Heroes of Lawson Staff

Heroes of Lawson Staff: Amirah Nasuha Binte Maznan

  • Please introduce yourself briefly.

Hello, my name is Amira. I’m from Singapore, turning 23 years old this year. I play video games in my free time, but I also like to make sure I get enough sleep for a hobby.


  • What made you want to move to Japan?

I thought learning Japanese was going to be fun, so I gave it a try and applied to a Japanese language school in Tokyo, Nippori. It’s a lot more difficult than I originally thought! The grammar is the complete opposite of English and I’m struggling hard with memorizing kanji. I passed the N3 level exam of JLPT, so from now on I’m focusing on the next challenge: N2.


  • Do you have any plans for the future? Do you have a dream?  What kind of image do you have of your future self?

I’m already grateful for all the different kind of opportunities that I was lucky enough to get so far, but I would like to return to Japan to work for sure after I graduate my current school. First though, I will have to go back to Singapore to renew my visa.
10 years from now I see myself having a family. I’d like to have a stable job in order to live an easy, simple life. Plus, of course, it would be great to have some money to spare as well – everybody wants to be rich, right?


  • Why did you choose to work at Lawson and how did you find us?

My boyfriend introduced me to the company. When I came here, I couldn’t really speak any Japanese, so it was difficult for me to find a job anywhere in the first place. At Lawson Staff, they teach you everything from the basics – not just the tasks during konbini work, but some useful Japanese expressions as well. I learnt some sonkeigo for the first time during the trainings!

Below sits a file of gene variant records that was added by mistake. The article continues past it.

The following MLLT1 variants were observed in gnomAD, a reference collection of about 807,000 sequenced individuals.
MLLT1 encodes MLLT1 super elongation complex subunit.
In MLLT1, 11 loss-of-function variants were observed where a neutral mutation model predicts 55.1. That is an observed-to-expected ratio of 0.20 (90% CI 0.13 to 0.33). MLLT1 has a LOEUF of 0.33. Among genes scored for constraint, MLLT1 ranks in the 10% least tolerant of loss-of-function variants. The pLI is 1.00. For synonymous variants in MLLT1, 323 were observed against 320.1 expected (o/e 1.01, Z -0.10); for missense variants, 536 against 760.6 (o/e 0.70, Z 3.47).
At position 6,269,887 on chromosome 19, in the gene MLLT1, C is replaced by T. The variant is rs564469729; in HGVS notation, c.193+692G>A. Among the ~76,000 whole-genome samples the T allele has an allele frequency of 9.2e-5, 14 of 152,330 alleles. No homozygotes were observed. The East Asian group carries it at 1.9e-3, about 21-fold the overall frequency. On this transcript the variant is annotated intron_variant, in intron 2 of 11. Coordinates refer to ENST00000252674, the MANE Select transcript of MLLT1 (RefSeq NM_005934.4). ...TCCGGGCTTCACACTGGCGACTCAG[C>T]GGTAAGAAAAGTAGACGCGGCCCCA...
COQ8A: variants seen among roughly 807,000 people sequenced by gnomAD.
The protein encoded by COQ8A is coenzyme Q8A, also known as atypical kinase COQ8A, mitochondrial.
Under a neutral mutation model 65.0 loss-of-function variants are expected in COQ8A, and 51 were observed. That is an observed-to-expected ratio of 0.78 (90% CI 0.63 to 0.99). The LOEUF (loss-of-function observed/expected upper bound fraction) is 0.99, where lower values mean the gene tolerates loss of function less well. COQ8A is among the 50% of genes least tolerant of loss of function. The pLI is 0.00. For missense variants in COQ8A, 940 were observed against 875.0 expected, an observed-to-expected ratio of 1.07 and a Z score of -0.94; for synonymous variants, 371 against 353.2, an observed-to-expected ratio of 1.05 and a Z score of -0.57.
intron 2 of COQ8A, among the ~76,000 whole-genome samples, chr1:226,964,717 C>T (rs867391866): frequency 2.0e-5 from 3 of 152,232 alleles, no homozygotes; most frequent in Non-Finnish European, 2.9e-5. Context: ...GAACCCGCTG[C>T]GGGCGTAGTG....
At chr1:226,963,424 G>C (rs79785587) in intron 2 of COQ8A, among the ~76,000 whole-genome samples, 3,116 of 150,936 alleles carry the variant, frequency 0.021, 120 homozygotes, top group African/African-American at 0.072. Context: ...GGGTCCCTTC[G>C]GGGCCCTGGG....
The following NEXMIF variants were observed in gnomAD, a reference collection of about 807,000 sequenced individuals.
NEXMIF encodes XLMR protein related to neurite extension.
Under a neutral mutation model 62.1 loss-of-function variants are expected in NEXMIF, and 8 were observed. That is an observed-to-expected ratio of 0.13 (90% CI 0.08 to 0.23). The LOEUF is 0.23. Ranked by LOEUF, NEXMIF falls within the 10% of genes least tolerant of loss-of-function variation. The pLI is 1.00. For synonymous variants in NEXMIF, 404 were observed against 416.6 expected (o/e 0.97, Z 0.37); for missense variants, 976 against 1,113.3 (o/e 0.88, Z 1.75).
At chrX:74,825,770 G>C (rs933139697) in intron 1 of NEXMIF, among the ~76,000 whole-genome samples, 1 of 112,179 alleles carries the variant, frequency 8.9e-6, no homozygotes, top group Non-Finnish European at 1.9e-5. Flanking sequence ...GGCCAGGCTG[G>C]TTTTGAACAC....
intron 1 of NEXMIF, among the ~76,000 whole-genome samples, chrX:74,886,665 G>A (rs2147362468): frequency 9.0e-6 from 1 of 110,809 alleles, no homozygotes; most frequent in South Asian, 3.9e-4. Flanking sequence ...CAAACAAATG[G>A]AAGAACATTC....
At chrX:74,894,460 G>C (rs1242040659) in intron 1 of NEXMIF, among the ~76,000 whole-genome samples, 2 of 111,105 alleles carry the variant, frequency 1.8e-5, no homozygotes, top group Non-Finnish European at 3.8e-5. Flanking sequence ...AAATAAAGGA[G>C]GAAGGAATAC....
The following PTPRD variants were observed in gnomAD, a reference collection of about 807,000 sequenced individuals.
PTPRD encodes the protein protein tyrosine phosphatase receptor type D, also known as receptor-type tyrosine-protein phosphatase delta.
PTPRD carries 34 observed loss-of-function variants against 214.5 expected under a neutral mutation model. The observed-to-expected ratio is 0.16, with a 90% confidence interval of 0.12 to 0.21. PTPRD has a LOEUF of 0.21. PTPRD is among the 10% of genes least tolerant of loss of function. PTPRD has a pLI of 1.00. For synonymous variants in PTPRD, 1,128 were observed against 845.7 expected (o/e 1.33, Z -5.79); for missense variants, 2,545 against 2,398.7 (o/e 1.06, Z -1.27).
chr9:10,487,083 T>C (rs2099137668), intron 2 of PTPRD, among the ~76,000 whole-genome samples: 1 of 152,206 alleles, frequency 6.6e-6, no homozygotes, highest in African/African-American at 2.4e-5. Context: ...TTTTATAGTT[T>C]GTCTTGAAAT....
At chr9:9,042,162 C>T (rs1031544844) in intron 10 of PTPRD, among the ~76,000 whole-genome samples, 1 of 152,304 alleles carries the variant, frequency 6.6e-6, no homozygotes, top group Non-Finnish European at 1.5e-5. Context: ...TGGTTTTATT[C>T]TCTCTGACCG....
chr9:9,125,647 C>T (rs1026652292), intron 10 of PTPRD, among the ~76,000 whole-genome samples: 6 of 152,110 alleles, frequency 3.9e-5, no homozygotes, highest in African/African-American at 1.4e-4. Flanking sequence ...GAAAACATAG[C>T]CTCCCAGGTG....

• What do you think about Japanese work culture? How is it different from your home country’s?

I feel that Japanese tend to work very hard in order to satisfy the customer. Due to the high value placed on them, staff do whatever it takes to fulfill the desires of the clients. In Singapore, it’s a lot different; there are limitations on how far staff are expected to go.
However, even though work can be difficult in Japan sometimes, employees are more rewarded in terms of payment. In Singapore, the minimum hourly wage is around 650¥, but if you are lucky or well-skilled, it can go up to 1,000¥. In Tokyo, 1,000¥ is average, and at Lawson Staff, you can earn even more than this amount.


  • What is your relationship like with your colleagues and bosses? How did they welcome you?

Everyone is always polite, co-operative and respectful. I’m explained everything about work thoroughly whichever store I go to.  Maybe I’ve just been unlucky or met shy people so far, but I haven’t made any close friends during my time here as of yet. I sometimes speak to other employees who are close to me in age, but I’m the one usually initiating the conversation.


  • If there is a story or a memory you are fond of about any of the Lawson stores you have worked for so far, please share it with us.

There was a shift I did in a store in Ikebukuro where I had a lot of fun working with two other employees – they were Japanese high school students. Time passed by so quickly! Unfortunately, I didn’t have matching shifts with them since. It would be nice to make friends with those two.


  • Would you recommend Lawson as a workplace to other international people, too?

Yes, definitely. If any of my friends from Singapore were to come to Japan, I would tell them to come work at Lawson Staff. All the teachers are extremely kind and they teach you everything from zero – the company invests a lot of time and money in you if you do your job well. Some other things I would probably highlight is having the complete freedom to choose when you want to work.


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